When T. S. Eliot published The Waste Land in 1922, it put the thirty-four-year-old author on a path to worldwide fame and the Nobel Prize. "But," as Jed Rasula writes, "The Waste Land is not only a poem: it names an event, like a tornado or an earthquake. Its publication was a watershed, marking a before and after. It was a poem that unequivocally declared that the ancient art of poetry had become modern." In What the Thunder Said: How 'The Waste Land' Made Poetry Modern (Princeton UP, 2022), Rasula tells the story of how The Waste Land changed poetry forever and how this cultural bombshell served as a harbinger of modernist revolution in all the arts, from abstraction in visual art to atonality in music. From its famous opening, "April is the cruellest month, breeding / Lilacs out of the dead land," to its closing Sanskrit mantra, "Shantih shantih shantih," The Waste Land combined singular imagery, experimental technique, and dense allusions, boldly fulfilling Ezra Pound's injunction to "make it new." What the Thunder Said traces the origins, reception, and enduring influence of the poem, from its roots in Wagnerism and French Symbolism to the way its strangely beguiling music continues to inspire readers. Along the way, we learn about Eliot's storied circle, including Wyndham Lewis, Virginia Woolf, and Bertrand Russell, and about poets like Mina Loy and Marianne Moore, whose innovations have proven as consequential as those of the "men of 1914." Filled with fresh insights and unfamiliar anecdotes, What the Thunder Said recovers the explosive force of the twentieth century's most influential poem. Learn more about your ad choices. Visit megaphone.fm/adchoices Support our show by becoming a premium member! https://newbooksnetwork.supportingcast.fm/british-studies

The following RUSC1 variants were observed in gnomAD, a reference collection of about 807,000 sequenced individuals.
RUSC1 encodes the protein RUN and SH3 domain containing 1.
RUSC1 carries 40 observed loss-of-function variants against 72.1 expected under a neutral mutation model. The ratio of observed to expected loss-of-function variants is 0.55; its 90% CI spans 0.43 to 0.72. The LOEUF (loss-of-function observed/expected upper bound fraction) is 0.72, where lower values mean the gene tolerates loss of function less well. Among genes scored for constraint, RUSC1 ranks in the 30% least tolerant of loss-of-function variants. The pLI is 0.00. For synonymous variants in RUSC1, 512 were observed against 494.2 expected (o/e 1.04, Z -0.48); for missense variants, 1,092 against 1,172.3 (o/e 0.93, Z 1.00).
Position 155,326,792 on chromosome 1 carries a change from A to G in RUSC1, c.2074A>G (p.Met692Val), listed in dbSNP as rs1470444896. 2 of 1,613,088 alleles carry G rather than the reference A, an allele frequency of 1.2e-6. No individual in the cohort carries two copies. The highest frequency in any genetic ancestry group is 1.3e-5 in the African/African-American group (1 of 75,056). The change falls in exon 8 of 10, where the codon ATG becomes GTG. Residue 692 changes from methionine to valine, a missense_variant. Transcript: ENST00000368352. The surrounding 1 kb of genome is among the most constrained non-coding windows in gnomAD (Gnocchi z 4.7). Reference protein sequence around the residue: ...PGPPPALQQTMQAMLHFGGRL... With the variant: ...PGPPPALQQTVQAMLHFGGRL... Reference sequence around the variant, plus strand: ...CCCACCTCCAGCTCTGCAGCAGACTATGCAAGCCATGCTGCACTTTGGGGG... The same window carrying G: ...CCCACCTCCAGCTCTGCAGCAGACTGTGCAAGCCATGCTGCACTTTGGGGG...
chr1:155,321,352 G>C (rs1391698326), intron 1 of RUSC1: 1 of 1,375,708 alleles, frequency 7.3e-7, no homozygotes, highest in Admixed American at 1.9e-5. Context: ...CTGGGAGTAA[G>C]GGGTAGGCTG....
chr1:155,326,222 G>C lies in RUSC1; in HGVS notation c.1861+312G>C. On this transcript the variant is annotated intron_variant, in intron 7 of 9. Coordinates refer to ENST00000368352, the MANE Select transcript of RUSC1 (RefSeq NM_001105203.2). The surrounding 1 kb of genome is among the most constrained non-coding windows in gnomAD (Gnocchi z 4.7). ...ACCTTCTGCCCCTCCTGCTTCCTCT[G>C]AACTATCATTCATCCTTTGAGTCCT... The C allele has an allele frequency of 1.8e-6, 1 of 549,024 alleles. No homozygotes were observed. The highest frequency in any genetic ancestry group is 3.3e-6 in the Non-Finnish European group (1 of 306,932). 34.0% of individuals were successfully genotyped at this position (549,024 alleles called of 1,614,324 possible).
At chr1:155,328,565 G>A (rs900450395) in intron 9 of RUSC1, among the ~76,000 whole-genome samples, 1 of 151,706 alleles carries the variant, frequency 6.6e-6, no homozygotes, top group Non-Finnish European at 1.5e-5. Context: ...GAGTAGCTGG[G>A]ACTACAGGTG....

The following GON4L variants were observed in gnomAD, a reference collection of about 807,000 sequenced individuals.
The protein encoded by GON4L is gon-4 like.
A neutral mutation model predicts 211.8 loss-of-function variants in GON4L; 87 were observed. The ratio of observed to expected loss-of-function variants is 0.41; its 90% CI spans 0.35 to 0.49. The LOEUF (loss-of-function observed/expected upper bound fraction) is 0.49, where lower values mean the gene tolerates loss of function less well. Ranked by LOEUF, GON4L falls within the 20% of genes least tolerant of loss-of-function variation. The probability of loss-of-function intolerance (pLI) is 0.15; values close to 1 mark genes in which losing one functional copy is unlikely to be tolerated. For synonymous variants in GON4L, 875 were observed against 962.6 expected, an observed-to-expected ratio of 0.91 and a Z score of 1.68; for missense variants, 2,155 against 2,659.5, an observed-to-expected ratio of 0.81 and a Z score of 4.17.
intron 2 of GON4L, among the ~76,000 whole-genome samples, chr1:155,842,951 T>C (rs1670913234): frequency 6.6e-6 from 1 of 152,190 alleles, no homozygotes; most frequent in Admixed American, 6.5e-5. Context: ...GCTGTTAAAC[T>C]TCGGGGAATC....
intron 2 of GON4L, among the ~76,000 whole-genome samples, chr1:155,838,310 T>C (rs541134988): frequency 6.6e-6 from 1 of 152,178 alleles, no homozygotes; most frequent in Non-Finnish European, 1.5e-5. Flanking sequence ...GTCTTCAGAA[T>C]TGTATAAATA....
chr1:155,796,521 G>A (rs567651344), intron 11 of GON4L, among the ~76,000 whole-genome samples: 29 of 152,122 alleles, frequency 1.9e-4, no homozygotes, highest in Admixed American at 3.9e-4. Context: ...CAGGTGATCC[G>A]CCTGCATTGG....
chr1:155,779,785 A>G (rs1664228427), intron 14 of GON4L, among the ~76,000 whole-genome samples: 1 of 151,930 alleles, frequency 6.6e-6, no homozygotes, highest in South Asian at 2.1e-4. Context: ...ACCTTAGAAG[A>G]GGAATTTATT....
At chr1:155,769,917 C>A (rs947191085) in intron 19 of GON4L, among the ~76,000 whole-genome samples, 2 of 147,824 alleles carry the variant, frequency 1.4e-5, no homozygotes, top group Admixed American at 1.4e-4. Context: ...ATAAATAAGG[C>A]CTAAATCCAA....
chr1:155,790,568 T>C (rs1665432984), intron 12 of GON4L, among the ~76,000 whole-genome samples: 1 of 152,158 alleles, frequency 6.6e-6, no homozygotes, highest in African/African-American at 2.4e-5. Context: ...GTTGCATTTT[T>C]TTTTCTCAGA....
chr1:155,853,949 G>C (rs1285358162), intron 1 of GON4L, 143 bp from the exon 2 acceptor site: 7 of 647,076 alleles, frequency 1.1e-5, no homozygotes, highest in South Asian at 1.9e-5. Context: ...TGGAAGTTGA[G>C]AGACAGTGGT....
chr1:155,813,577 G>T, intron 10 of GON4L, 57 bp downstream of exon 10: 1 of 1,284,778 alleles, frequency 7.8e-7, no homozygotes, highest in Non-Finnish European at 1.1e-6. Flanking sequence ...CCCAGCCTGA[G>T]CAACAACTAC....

Garritt van Dyk, "Commerce, Food, and Identity in Seventeenth-Century England and France" (Amsterdam UP, 2022)

Play Episode Listen Later Dec 26, 2022 72:07